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Wednesday, June 18, 2008 03:39 pm

Blood, sweat, and cheers

Springfield's ultimate fighters take it to the limit


Justin Robbins knelt on the living-room floor in his Piper Glen home with his 4-year-old daughter, Sydney. The pair held hands, closed their eyes, and prayed for Matt Hughes — a self-proclaimed country boy from Hillsboro and nine-time Ultimate Fighting Championship welterweight champion who was fixing to fight Georges St. Pierre in a live, nationally televised showdown.

Robbins had been traveling from Springfield to Hughes’ southern-Illinois home for weeks, training with the mixed-martial-arts star and preparing him for his upcoming battle (Hughes lost and now holds a 43-7-0 record). A Sacred Heart-Griffin wrestler turned MMA fighter, Robbins soon followed Hughes again, this time to his brand-new gym, the Hughes Intensive Training Squad, in Granite City. There he has joined the growing ranks of young men who make it their job to pour blood and sweat into training eight hours a day, five days a week.

Thanks in part to Hughes’ popularity and his efforts to prime a new stock of Illinois fighters, MMA — a combination of jiu-jitsu, boxing, kickboxing, and wrestling — has exploded across the state.

Springfield bounded into the action with Warrior Concepts, the capital city’s full-service MMA training facility, which attracts everyone from local fighters hoping to ascend to the next level to guys and gals searching for a new hobby. Even legislators, who once deemed the sport barbaric, cleared the path for MMA’s continued acceleration this month by establishing new guidelines that legalize the sport.

“This sport has grown from what was little more than organized street brawling to a legitimate sport,” Daniel Bluthardt, director of the Division of Professional Regulation, says. “It has grown to the point where the sponsors of the legislation said — and I would agree with them — that it’s time that the state regulates it to make sure it is safe and fair.”

Robbins began wrestling in the fifth grade, qualified for the state championships as a high-school student, and briefly flexed his muscles at MacMurray College in Jacksonville before returning home to work at Inno-tech Plastics, the family business, as a machine operator.
He married his girlfriend, Katie, on June 2, 2001, and seemed ready to settle for a quiet life.

Instead he kept thinking about his wrestling days, the UFC fights he watched on VHS tapes, and the stories he heard from his UFC fighter roommate in college. Robbins missed being in shape and competing and knew that if he started MMA he’d be hooked. He began training with Gregg Giddings, a Springfield martial-arts master. He then transferred to Warrior Concepts and trained and fought for nearly two years before making the decision to go full-time last summer.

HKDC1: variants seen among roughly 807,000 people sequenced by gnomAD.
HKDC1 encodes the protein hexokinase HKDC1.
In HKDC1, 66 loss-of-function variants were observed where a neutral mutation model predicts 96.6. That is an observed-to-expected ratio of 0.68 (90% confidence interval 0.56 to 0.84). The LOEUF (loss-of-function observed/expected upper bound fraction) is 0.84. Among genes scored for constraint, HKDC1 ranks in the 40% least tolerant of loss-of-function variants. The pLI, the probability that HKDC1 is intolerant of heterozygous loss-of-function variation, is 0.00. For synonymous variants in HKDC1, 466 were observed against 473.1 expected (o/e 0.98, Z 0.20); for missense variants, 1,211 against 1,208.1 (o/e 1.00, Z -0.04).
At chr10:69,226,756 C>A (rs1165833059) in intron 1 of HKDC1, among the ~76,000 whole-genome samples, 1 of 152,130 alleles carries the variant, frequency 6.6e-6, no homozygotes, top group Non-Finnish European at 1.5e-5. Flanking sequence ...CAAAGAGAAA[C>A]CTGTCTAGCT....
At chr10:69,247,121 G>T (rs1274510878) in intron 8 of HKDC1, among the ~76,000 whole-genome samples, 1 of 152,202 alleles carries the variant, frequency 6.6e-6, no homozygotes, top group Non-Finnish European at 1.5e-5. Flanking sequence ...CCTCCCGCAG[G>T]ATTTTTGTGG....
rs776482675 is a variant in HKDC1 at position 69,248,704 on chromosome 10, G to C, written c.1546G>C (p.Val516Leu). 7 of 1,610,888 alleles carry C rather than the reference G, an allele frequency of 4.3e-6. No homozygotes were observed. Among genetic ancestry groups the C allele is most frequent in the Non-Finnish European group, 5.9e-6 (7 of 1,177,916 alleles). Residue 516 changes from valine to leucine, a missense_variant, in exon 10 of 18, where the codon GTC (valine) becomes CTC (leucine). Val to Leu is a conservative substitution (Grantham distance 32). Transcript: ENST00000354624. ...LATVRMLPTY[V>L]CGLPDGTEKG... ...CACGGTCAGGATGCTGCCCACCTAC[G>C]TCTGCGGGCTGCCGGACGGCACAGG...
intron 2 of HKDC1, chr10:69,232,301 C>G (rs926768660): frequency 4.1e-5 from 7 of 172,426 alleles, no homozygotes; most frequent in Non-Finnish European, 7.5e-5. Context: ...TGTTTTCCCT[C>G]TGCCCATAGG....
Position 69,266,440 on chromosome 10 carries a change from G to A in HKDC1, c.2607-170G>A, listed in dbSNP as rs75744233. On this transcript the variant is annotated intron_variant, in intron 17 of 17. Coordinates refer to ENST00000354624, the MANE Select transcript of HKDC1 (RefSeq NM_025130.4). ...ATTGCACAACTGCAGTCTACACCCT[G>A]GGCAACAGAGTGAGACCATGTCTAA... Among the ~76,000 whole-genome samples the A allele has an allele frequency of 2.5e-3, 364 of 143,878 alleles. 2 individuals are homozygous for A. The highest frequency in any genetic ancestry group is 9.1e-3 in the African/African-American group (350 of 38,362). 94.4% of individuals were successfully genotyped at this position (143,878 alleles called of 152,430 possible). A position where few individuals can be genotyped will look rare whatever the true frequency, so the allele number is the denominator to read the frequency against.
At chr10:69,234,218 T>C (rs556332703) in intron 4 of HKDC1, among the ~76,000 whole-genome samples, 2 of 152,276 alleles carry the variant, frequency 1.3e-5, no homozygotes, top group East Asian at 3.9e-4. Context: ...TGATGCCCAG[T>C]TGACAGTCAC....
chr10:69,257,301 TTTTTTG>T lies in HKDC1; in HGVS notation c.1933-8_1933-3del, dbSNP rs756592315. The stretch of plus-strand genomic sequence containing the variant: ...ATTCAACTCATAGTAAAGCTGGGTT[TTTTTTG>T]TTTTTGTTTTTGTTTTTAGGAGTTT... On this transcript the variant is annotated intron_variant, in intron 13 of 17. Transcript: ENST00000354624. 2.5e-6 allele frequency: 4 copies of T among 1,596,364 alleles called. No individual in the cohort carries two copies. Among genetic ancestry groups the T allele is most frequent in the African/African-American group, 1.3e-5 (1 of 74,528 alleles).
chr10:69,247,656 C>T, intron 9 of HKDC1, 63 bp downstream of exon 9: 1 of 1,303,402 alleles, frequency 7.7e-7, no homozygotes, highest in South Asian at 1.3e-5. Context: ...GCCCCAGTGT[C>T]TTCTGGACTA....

Scot Ward

After working with Hughes at his training camp in December, Robbins felt a connection with world-class coaches such as Marc Fiore and Matt Pena and fellow fighters like Robbie Lawler at the H.I.T. Squad. Even though his wife and two daughters still lived in Springfield, he knew that the move would be the best thing for his career.

“If I’m going to work, I want to do something that I truly love and have a passion for,” Robbins says. “At the level I’m competing at, I can’t go to work from 9 to 5 and then go train for two hours. It’s just not going to work like that.

“So I decided to put all of our marbles into this thing and see what happens.”

Robbins wakes up and helps his wife get Sydney and 1-year-old Kamryn ready for daycare. He leaves his house at 7:45 a.m. and gets to Granite City around 9:10 a.m. For the first hour and a half, the fighters work on cardio, weightlifting, and exercises such as climbing ropes and flipping tires. Robbins boxes for an hour, takes a break, and then boxes again after lunch. In a pro class that runs from 6 to 7:30 p.m., the full-time fighters wrestle, grapple, or spar with one another, depending on the night of the week. Robbins showers, leaves the gym, and arrives home around 9:20 p.m. He follows the same schedule Monday through Thursday.

“Thursdays are hard because you’re already beat up for the week and tired,” Robbins says. “I just want to go home and see my family.”

He spends Thursday nights in Granite City and works out for the last time on Friday morning. Fighters circuit train and do plyometrics but are then sent home to relax for the weekend. Robbins, who says his strengths are his cardio and his heart, never imagined that he’d be spending every day with Hughes and his other trainers. The confidence and knowledge they give him, he says, make his whole week worth the effort.

“They’re pushing you every day and you’re doing the same stuff they’re doing,” Robbins says. “It gives you peace of mind, confidence, and lets you rest peaceful at night knowing that you’re doing the right thing.”

After watching the UFC gain momentum, Scot Ward decided 14 years ago to set up his own shop in Springfield. He used his background in jiu-jitsu, boxing, muay thai kickboxing, and wrestling to develop his MMA skills and then opened Warrior Concepts to show other fans the moves.

Today Ward — a correctional officer at the Logan Correctional Center — works alongside five other coaches who teach nearly 40 people, including kids as young as 12 years old, all aspects of MMA. Although he trains 16 amateur and professional fighters, he says his gym isn’t just about pushing people into competitions.